In 2005, Barry traveled to South Africa to contrast the peace process’ initiatives in the north of Ireland and the post-apartheid era. In 2013, he visited Germany to investigate how the country dealt with the truth recovery process of allowing ordinary citizens access to files which the former Stasi secret police held on them for decades. In the same year, Barry was awarded the Northern Ireland Attorney General’s Justice Media Award for an investigation into the use of solitary confinement against young people in Northern Ireland’s prisons. He is a previous CIPR Digital Journalist of the Year winner. Barry worked on the award-winning documentary No Stone Unturned, which exposed police collusion with loyalist paramilitaries in the murder of six unarmed civilians in June 1994.

Barry will be working with Bertha Fellow Elfie Seymour, an activist from the Participation and the Practice of Rights (PPR), on how the nexus between property, profit and politics contributes to land and housing injustice in Northern Ireland, and how this can be challenged.

Glenda Girón

Location: El Salvador
Host Organization: La Prensa Gráfica

Glenda is a Salvadoran journalist with 18 years of experience conducting in depth, long-form journalism. She specializes in public health, gender equity, environmental issues, education, migration, violence and citizen participation. She has been the editor of the Sunday magazine Séptimo Sentido and part of La Prensa Gráfica since 2009 and a distinguished member of the CONNECTAS Community.

Glenda worked as a professor of journalism specialising, together with a University Doctor, José Matías Delgado, training on data and investigative journalism at Internews. For the School of Communications Mónica Herrera, she developed a research project on the role of social networks in the electoral campaigns of 2019 in Guatemala and El Salvador. She was a finalist for the 2008 Every Human Has Rights Award, organized by the French agency Internews. She won the Central American Health Award 2008, organized by Merck Sharp & amp; Dohme. In April 2017, she was part of the first generation of the InternetLab School on Internet Policies and Journalism in Sao Paulo, Brazil.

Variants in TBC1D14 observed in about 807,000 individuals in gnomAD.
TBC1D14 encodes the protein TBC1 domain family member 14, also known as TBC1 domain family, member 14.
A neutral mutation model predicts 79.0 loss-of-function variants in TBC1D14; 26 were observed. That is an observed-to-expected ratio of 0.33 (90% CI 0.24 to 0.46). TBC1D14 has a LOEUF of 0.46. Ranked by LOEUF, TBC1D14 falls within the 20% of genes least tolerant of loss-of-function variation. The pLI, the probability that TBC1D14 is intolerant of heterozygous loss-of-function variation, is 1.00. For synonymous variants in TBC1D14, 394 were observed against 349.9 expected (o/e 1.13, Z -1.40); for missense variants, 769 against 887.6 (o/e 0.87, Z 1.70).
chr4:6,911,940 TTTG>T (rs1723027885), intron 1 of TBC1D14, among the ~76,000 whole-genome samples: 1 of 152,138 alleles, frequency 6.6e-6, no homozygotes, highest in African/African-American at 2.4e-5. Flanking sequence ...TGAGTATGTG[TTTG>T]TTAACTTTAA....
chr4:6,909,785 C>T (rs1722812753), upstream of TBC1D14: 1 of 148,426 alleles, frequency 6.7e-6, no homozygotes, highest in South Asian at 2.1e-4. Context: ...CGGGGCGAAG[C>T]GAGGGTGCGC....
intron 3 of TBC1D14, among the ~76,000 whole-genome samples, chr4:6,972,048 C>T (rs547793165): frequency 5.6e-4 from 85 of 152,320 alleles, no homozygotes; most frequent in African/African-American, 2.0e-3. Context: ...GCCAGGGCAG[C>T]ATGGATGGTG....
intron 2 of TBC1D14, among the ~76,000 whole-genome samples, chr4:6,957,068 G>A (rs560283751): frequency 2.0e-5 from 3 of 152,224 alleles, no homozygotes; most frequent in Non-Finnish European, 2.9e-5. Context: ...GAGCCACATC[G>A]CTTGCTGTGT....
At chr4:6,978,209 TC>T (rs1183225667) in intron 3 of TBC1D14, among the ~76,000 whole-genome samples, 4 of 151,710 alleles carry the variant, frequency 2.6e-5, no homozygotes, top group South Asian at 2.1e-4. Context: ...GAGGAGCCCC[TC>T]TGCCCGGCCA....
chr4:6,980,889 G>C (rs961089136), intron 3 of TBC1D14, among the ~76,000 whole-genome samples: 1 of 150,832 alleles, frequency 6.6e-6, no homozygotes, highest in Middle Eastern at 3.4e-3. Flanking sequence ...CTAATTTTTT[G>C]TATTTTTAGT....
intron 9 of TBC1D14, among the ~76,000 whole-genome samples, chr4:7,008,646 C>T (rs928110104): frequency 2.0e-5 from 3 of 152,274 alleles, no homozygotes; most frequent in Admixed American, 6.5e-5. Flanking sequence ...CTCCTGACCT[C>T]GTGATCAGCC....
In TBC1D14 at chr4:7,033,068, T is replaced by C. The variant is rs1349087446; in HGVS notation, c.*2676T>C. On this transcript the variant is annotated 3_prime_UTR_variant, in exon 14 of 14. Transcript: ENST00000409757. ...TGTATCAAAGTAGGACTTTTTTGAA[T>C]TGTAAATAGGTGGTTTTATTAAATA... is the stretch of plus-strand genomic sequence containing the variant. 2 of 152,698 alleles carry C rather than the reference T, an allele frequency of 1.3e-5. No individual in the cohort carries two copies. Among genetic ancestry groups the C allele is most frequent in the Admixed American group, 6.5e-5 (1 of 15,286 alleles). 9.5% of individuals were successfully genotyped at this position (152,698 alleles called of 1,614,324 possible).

Maeve McClenaghan

Location: United Kingdom
Host Organization: Bureau of Investigative Journalism

Maeve is an award-winning investigative journalist and founder of the critically-acclaimed podcast The Tip Off. Working at the Bureau of Investigative Journalism as part of the new Bureau Local project, Maeve has led nationwide, collaborative investigations on issues including cuts to domestic violence refuges, politicians’ use of Facebook “dark ads” and homeless deaths on the streets of London. Her latest investigation, a year-long project counting homeless deaths, prompted widespread debate, influenced national and local policy and caused the Office for National Statistics to start counting when and how people are dying homeless in the UK.